Transformational Leadership and Occupational Self-Efficacy in Software Product Line Institutionalization

Transformational Leadership and Occupational Self-Efficacy in Software Product Line Institutionalization

Youngkeun Choi (Sangmyung University, Seoul, South Korea)
DOI: 10.4018/IJHCITP.2019070103
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A software product line is a new development methodology for the specific needs and a prescribed way. The whole institutionalization of new development methodology involves a transformational leadership and individual self-efficacy to acquire new knowledge and to effectively initiate, launch, and manage SPLs. For this study data was collected from 352 employees in Korean companies through a survey method and uses SPSS 18.0 for hierarchical regression analysis. The results show that charisma, inspirational motivation, intellectual stimulation, and individualized consideration increase their occupational self-efficacy affecting the software product line performance of software developers positively in turn. This is the first study to show leadership type and clearly identify how this leadership type influences software product line performance through self-efficacy. The propositions that this study presents provide conceptual insights for managers who seek to leadership type which increases software product line performance.
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1. Introduction

Software product lines (SPLs) are emerging as an attractive methodology within many organizations that deal with the software development and increase the productivity of the software development process and. A software product line is a comprehensive model for an organization building applications based on common architecture and core assets (Wappler, 2000). Most studies have focused on the SPL process methodology including, product line architecture, commonality and variability management, core assets management, business case engineering, application and domain engineering, etc (Bosch, 2000; Clements & Northrop, 2002; Jazayeri et al., 2000; Weiss & Lai, 1999). However, introducing a new practice such as SPL is relatively difficult in the existing setup of an organization if it is not being introduced with a proper organizational management plan. Even the best strategy is bound to fail if there is a consistent resistance to innovation and new technology from within the organization. Clements and Northrop (2002) emphasize that institutionalizing a new methodology such as SPL from the perspective of managing and developing a core assets repository for SPL involves improving the processes that are associated with building, maintaining, and evolving the core assets and those processes must become a part of standard organizational practice.

Most researchers who are interested in organizational dimension of SPL mainly highlight that domain-engineering unit and several application-engineering units are required from an organizational structure viewpoint. They involve organizational model (Bosch, 2001), strategic planning (Macala et al., 1996), staffing issues (Dikel et al., 1997), and roles and responsibilities of personnel (Jacobsen et al., 1997; Birk et al., 2003).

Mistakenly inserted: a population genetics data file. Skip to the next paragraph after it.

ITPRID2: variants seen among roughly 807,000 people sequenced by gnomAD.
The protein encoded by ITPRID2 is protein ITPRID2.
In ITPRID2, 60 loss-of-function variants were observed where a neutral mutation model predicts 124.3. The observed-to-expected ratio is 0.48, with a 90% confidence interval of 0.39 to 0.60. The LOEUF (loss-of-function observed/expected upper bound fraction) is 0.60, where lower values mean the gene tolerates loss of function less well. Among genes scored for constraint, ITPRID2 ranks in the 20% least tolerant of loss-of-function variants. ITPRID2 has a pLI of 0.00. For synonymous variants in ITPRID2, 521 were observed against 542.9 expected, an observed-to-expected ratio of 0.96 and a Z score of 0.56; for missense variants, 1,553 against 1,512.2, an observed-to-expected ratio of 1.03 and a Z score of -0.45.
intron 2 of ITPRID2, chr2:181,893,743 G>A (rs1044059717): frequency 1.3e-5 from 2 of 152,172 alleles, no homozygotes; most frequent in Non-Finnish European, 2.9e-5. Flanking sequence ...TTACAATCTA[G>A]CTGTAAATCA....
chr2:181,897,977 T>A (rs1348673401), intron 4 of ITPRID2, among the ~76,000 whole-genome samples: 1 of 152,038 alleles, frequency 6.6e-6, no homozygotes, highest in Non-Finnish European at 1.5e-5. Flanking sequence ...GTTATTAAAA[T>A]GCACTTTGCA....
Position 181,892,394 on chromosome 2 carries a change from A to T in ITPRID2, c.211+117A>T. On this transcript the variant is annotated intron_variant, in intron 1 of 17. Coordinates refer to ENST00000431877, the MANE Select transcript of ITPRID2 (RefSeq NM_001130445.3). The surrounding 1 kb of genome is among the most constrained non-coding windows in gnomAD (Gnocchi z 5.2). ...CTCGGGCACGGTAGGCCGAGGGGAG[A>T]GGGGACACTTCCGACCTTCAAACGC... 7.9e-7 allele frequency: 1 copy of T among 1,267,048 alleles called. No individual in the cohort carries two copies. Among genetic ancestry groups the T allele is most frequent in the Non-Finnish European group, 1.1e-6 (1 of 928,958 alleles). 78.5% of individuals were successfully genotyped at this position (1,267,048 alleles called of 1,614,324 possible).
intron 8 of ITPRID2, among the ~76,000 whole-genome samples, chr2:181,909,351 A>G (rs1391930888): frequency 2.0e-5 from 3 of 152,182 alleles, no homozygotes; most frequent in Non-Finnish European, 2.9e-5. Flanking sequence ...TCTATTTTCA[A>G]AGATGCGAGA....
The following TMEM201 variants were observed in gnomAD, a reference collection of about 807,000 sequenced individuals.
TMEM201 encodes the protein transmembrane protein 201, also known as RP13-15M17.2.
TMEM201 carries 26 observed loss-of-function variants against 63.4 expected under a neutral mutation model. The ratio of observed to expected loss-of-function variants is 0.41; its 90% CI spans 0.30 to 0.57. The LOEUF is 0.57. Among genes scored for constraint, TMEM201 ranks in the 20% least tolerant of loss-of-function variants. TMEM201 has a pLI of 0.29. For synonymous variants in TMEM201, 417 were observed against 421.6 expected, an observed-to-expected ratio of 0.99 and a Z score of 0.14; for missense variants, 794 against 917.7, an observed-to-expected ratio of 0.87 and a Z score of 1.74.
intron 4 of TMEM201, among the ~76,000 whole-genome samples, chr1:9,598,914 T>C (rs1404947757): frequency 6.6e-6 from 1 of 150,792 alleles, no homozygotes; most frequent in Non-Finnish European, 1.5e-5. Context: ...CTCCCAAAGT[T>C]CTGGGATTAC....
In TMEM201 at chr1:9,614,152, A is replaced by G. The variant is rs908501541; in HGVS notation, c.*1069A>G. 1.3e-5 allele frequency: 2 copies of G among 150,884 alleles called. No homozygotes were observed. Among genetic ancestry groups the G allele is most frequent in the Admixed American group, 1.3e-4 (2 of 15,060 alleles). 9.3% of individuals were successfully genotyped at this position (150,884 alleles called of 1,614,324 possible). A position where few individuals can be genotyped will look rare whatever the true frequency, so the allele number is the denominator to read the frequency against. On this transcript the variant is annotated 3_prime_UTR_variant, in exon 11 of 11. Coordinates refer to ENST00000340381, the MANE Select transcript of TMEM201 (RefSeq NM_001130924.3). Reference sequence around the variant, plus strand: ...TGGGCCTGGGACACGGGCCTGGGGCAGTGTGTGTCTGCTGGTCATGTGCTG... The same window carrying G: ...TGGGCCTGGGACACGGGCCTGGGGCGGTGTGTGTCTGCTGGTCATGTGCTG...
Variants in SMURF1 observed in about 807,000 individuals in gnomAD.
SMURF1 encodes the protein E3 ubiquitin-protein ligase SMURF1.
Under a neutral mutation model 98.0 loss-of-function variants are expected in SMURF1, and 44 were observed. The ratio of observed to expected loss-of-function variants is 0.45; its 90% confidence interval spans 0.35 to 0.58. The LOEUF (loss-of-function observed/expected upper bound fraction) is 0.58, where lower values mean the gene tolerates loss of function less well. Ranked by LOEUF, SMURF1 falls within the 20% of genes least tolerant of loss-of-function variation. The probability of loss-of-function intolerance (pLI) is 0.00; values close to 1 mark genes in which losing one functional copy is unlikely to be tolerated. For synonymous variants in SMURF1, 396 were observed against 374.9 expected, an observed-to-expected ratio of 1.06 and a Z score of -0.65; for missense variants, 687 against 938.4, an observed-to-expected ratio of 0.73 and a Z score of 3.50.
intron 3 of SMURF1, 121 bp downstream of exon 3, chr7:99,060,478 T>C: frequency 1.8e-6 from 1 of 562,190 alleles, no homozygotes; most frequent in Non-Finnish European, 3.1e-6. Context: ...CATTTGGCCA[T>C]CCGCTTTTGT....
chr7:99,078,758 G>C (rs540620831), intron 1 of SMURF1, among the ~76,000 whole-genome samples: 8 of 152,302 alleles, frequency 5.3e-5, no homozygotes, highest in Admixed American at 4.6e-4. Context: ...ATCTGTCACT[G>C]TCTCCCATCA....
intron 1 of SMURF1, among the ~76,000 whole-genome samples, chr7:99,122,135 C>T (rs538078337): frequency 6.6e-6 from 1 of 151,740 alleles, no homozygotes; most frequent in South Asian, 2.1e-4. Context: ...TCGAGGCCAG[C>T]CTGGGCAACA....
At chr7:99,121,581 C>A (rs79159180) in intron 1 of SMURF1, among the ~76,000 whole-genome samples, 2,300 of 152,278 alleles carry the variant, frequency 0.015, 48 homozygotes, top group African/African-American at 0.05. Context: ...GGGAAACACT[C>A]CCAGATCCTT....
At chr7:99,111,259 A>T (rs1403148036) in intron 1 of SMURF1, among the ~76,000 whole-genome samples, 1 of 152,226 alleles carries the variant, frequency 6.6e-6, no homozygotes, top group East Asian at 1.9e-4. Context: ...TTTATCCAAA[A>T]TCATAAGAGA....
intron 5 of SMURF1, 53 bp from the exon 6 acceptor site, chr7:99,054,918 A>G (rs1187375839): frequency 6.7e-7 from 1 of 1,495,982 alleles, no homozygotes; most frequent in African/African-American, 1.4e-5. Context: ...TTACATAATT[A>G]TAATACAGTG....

In the software industry involving SPL, the technology is changing at an unprecedented rate of growth. The business, economic and technological events tend to force changes within the organization. The changes can be in strategy, organizational structure, process methodology, and technology or even in the organizational goals. Beckhard and Harris (1987) consider organizational change as movement from the present state of the organization to some future or target state. Todd (1999) defines change management as a structured and systematic approach, which provides a conceptual framework that encompasses strategy, politics, people and process. Cao et al. (2000) observe that organizational change shows a diversity of the organization in its environment.

The business, economic and technological events tend to force changes within the organization. It requires the interaction of the technical and human activities within the organization. Especially, software organizations are more inclined towards learning new technology, methodology and processes in order to keep themselves up-to-date with the latest state of the art practice. One of the key concepts of social learning theory is self-efficacy: a belief in one’s capability of performing a specific task (Bandura, 1986). Research findings suggest that individuals who have high self-efficacy tend to perform better than individuals low in self-efficacy (Barling et al., 1996: Taylor et al., 1984). Therefore, self-efficacy is likely to influence SPL performance positively.

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